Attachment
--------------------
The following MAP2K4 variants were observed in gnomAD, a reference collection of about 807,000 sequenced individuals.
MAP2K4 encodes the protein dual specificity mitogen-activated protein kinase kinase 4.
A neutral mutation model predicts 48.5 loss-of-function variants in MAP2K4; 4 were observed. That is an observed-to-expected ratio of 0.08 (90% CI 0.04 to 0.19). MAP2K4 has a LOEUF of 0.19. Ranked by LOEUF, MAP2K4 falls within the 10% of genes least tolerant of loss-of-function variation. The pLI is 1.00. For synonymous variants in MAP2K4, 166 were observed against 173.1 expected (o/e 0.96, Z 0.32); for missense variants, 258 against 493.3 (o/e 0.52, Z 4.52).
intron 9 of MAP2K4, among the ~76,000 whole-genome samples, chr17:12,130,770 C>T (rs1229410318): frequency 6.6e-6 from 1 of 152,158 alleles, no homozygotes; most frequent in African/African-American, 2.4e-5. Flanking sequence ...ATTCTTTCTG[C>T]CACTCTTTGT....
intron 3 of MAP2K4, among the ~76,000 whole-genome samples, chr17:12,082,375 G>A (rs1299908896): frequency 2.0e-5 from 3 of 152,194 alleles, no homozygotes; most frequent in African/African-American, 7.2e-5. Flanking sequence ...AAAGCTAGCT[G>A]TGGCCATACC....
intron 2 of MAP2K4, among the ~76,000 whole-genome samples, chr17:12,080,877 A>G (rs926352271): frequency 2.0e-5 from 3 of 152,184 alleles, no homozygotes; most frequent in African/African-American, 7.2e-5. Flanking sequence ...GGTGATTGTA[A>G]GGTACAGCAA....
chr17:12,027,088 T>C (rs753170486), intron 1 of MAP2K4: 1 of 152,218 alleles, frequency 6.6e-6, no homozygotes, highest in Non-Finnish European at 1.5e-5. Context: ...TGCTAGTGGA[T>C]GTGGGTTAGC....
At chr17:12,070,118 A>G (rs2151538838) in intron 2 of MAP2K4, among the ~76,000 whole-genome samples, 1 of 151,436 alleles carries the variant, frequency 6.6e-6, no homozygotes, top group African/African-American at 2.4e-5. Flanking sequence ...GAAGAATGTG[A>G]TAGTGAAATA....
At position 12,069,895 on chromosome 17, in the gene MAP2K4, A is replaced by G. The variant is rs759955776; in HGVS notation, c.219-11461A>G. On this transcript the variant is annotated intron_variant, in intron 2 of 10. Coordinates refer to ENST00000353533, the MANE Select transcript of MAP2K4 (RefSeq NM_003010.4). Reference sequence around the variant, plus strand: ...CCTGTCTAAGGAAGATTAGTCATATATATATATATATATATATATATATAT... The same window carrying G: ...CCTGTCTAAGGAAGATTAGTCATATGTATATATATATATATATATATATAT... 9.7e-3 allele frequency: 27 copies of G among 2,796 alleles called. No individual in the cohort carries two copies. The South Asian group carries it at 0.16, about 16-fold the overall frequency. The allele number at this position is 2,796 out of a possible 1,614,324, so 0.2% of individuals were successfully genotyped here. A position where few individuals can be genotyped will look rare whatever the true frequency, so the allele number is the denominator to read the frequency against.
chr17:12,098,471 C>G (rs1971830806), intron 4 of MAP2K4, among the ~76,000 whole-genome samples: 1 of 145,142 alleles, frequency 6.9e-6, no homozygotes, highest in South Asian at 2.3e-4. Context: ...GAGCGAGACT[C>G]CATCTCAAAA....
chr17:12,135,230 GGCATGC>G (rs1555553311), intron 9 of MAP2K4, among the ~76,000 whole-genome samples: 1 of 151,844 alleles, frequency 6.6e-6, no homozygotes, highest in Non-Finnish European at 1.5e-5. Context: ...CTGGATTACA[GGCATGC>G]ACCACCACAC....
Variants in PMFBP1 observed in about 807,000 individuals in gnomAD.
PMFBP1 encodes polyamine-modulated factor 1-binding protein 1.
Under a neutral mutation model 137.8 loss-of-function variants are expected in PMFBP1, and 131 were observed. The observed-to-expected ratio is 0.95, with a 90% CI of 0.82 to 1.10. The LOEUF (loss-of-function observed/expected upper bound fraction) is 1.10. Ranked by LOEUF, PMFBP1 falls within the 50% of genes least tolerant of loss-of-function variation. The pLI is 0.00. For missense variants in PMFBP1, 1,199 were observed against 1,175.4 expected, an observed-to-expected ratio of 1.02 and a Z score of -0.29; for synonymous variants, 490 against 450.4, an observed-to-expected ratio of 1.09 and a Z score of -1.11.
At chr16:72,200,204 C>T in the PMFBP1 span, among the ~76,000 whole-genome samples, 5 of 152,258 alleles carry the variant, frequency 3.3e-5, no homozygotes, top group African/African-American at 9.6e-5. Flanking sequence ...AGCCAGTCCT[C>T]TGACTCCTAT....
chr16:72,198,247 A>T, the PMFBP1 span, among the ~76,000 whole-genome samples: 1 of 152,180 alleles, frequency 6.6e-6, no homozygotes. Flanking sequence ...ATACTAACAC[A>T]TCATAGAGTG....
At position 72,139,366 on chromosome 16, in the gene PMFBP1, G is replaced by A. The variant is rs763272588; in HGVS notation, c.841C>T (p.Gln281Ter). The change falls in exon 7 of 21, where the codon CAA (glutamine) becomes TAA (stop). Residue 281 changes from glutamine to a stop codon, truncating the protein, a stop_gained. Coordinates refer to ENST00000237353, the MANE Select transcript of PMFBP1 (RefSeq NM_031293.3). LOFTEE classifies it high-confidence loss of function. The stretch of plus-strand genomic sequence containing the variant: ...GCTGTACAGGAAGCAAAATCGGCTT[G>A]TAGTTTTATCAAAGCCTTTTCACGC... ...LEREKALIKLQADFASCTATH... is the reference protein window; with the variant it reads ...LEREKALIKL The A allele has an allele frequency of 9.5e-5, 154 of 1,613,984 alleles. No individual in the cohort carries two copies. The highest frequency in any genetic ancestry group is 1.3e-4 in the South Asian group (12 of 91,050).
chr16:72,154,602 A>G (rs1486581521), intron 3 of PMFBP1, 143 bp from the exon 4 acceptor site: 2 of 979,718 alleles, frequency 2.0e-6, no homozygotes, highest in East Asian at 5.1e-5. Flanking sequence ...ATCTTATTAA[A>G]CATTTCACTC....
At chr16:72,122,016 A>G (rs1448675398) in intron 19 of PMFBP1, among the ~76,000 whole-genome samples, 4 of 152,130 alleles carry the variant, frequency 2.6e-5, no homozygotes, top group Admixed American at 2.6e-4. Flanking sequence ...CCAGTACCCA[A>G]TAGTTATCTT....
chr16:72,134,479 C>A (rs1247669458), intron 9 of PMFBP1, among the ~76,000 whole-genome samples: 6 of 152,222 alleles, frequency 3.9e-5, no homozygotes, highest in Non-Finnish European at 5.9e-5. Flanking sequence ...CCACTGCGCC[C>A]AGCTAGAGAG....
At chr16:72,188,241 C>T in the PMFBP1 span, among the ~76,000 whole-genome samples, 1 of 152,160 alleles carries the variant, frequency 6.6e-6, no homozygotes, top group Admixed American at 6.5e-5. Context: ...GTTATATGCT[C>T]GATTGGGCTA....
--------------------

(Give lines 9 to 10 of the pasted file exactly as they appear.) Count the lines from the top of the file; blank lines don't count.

At position 12,069,895 on chromosome 17, in the gene MAP2K4, A is replaced by G. The variant is rs759955776; in HGVS notation, c.219-11461A>G. On this transcript the variant is annotated intron_variant, in intron 2 of 10. Coordinates refer to ENST00000353533, the MANE Select transcript of MAP2K4 (RefSeq NM_003010.4). Reference sequence around the variant, plus strand: ...CCTGTCTAAGGAAGATTAGTCATATATATATATATATATATATATATATAT... The same window carrying G: ...CCTGTCTAAGGAAGATTAGTCATATGTATATATATATATATATATATATAT... 9.7e-3 allele frequency: 27 copies of G among 2,796 alleles called. No individual in the cohort carries two copies. The South Asian group carries it at 0.16, about 16-fold the overall frequency. The allele number at this position is 2,796 out of a possible 1,614,324, so 0.2% of individuals were successfully genotyped here. A position where few individuals can be genotyped will look rare whatever the true frequency, so the allele number is the denominator to read the frequency against.
chr17:12,098,471 C>G (rs1971830806), intron 4 of MAP2K4, among the ~76,000 whole-genome samples: 1 of 145,142 alleles, frequency 6.9e-6, no homozygotes, highest in South Asian at 2.3e-4. Context: ...GAGCGAGACT[C>G]CATCTCAAAA....